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HubWeek Change Maker: Hsiu Mei Wong

A new kind of leadership for a positive human future
A new kind of leadership for a positive human future

Hsiu Mei Wong, innovation expert at PA Consulting, discusses her path to PA and the new leadership agenda in a Q&A with Lindsay Gearheart from HubWeek.

Lindsay: I’d like to start off by asking about your background and how you found your way to PA Consulting. 

Hsiu Mei: I’m actually an accidental consultant! My career started in banking. I found my way into an internal consulting team for the bank, we worked on improving processes and making the company more efficient. From there I caught the consulting bug. I joined PA Consulting 20 years ago to work with companies who are passionate about changing the world. I think I’ve got one of the greatest jobs in the world because every day I’m given the freedom to dream, explore, and create – to be ingenious. As part of the process, I get to work with incredible people on exciting things that make the world a better place.

LindsayYou recently spoke at the 2019 Fall Festival in October about achieving a positive human future through a new type of leadership. For our readers who were not in attendance, can you share how positivity in leadership impacts success? 

Hsiu Mei: Optimism isn’t about always wearing a smile. Optimism releases serotonin, a potent neuro-transmitter that inspires creative thinking, to make connections between that which would otherwise not be seen as relevant. Optimists see constraints as a catalyst for creativity, and believe they can find a solution. Optimistic leaders are the ones best positioned to unlock human ingenuity. Leaders should also encourage a variety of skills, experiences, and viewpoints in order to uncover uncommon breakthroughs. Diversity can spark more innovative ideas.

LindsayHow can today’s business leaders learn to embrace the unknown as an opportunity rather than something to be feared? 

Hsiu Mei: I think today’s business leaders should embrace their inner 5-year-old self. Curiosity is key. Too many of today’s leaders are overly focused on tasks and targets, and they create organizations that steer us to conformity. But it doesn’t have to be this way, there is a new way to lead. Leaders need to seek inspiration and inspire others. They should fold in words like “explore”, “imagine”, “find”, “what if?!” into day-to-day conversations. When there is momentum around an opportunity, fear falls away. It is natural to experience fear of the unknown, but remember that fear is the sign that a growth inducing opportunity might lie ahead!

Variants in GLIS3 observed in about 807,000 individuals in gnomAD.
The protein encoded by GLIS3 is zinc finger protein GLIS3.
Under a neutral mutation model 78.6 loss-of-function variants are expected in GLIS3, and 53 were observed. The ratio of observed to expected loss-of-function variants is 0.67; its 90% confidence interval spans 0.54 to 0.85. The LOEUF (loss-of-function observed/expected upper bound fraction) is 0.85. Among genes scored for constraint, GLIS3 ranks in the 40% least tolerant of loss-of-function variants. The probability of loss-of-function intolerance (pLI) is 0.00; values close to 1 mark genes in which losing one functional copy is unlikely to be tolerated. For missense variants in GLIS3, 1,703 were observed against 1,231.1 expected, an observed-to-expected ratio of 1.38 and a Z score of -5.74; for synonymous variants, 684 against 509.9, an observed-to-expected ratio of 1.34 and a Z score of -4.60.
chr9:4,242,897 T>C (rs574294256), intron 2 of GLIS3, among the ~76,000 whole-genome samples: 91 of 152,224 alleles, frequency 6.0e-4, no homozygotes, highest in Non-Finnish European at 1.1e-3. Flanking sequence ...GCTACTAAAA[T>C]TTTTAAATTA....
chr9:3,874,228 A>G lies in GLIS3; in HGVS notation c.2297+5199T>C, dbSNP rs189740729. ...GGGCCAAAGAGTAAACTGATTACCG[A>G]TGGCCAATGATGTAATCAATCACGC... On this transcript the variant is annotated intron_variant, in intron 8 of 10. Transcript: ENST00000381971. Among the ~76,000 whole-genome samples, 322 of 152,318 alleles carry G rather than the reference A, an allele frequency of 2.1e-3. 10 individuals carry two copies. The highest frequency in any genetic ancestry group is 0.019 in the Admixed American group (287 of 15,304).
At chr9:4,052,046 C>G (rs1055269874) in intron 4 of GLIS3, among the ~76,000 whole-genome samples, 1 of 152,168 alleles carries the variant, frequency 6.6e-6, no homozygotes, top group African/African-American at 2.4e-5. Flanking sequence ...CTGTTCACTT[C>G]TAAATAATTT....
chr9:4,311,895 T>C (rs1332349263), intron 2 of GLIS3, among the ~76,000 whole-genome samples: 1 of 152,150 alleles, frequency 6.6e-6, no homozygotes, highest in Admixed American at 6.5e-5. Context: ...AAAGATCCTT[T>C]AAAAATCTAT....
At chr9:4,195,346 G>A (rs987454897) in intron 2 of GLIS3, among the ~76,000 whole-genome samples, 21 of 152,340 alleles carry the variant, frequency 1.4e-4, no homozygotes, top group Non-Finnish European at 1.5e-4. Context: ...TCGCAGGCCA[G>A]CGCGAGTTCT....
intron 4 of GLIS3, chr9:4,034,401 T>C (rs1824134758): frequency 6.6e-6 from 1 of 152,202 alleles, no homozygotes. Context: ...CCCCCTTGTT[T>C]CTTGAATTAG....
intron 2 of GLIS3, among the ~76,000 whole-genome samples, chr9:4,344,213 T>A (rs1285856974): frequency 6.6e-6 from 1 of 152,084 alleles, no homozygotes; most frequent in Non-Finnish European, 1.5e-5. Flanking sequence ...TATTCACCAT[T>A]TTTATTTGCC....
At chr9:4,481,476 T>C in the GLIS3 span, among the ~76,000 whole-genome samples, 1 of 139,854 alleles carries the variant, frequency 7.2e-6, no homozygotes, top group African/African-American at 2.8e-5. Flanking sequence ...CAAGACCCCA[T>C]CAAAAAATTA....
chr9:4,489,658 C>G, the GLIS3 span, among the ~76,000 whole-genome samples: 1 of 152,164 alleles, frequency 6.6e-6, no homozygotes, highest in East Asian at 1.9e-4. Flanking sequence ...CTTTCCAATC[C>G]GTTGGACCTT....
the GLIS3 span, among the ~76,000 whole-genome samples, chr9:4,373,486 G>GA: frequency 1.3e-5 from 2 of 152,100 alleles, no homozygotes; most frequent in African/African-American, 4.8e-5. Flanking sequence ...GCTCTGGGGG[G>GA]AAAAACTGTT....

Lindsay: In a technology-driven world that can often feel more automated than personal, where can innovators seek creative inspiration? 

Hsiu Mei: At PA, we believe in the power of ingenuity to build a positive human future in a technology-driven world. For example, ingenuity means exploring new ways of learning for nurses. We worked with the Emergency Nurses Association to use digital technologies to deliver training and help nurses provide excellent care. Human ingenuity is not about the technology but what humans do with the technology. There is a curious dynamic tension that is emerging with technology. It gives us reach beyond that which we have ever had. It collapses time (I can record something today that will live on in 100 years), collapses space (I can speak to someone on the other side of the world and interact with them as if we were in the same room) and creates scale (I can reach millions of people with just one Tweet or LinkedIn post)!  Thanks to technology we are more networked and connected than ever before. As Steve Jobs said, “creativity is just connecting things,” and I believe technology allows us to enter a new era of creativity…driven by human connection. That’s the irony!

Lindsay: After 20 years advising companies and delivering major transformation and change initiatives, what is one of the most common problems with a simple solution that you’ve helped address? 

Hsiu Mei: Many organizations want help with change management or transformation programs, and many believe that change is hard because it requires a shift in trajectory. In my experience, the simple solution is to change the narrative and create a new momentum. We need to create organizations that are responsive and agile – that can experiment to learn, and move from idea to launch at warp speed. Leaders need to understand that conversations matter, optimism matters, adaptability is key, and diversity of thought is a catalyst. This is the new way to lead.

The HubWeek Change Maker series showcases the most innovative minds in art, science, and technology making an impact in Boston and around the world. Click here to read the interview in The Boston Globe.

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